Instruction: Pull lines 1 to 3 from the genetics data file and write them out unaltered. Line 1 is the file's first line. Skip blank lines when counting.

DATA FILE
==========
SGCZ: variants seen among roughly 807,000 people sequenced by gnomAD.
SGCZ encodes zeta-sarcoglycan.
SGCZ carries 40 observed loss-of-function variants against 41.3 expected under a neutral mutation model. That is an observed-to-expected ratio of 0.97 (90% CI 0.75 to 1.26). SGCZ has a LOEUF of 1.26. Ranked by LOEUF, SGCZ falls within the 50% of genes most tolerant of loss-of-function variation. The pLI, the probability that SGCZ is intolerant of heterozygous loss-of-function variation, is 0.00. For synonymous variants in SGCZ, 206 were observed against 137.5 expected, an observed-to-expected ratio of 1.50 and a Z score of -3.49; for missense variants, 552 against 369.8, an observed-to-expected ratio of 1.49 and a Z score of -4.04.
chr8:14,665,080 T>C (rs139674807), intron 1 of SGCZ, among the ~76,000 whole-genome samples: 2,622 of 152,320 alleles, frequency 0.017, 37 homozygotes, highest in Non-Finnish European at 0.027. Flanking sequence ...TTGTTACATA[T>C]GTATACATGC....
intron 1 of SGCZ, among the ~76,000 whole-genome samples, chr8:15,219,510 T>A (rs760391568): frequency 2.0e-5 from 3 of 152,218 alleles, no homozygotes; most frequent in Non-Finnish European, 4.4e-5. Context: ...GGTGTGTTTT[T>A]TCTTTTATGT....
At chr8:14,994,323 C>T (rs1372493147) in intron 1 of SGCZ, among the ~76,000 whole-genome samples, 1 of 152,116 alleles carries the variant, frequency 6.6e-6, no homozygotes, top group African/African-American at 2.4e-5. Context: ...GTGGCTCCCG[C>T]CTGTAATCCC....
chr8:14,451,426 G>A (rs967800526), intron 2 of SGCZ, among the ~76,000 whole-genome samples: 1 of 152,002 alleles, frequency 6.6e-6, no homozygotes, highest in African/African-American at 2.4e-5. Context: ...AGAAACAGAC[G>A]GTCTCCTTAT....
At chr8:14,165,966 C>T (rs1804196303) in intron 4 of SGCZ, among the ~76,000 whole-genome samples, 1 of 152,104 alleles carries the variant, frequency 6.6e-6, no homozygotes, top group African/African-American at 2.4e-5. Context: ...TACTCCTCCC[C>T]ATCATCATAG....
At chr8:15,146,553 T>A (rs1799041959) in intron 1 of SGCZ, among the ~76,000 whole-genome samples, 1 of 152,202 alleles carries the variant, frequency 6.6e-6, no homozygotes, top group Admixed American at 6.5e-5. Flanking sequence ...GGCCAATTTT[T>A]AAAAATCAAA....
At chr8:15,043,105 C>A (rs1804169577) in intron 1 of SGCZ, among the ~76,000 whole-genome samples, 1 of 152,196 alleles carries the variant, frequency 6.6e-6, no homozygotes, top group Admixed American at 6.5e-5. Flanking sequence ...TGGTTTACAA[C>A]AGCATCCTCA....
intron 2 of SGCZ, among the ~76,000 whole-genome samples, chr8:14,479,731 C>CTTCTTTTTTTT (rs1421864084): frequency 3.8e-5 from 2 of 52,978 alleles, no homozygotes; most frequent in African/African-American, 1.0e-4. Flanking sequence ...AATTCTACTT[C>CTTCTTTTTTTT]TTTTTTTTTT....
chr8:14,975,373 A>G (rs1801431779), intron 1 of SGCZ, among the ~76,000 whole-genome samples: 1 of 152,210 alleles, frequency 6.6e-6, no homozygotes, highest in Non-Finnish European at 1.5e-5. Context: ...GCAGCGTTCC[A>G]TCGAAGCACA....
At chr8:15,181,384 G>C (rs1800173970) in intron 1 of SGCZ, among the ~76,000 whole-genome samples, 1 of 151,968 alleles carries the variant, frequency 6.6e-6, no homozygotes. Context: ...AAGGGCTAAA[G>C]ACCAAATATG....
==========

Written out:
SGCZ: variants seen among roughly 807,000 people sequenced by gnomAD.
SGCZ encodes zeta-sarcoglycan.
SGCZ carries 40 observed loss-of-function variants against 41.3 expected under a neutral mutation model. That is an observed-to-expected ratio of 0.97 (90% CI 0.75 to 1.26). SGCZ has a LOEUF of 1.26. Ranked by LOEUF, SGCZ falls within the 50% of genes most tolerant of loss-of-function variation. The pLI, the probability that SGCZ is intolerant of heterozygous loss-of-function variation, is 0.00. For synonymous variants in SGCZ, 206 were observed against 137.5 expected, an observed-to-expected ratio of 1.50 and a Z score of -3.49; for missense variants, 552 against 369.8, an observed-to-expected ratio of 1.49 and a Z score of -4.04.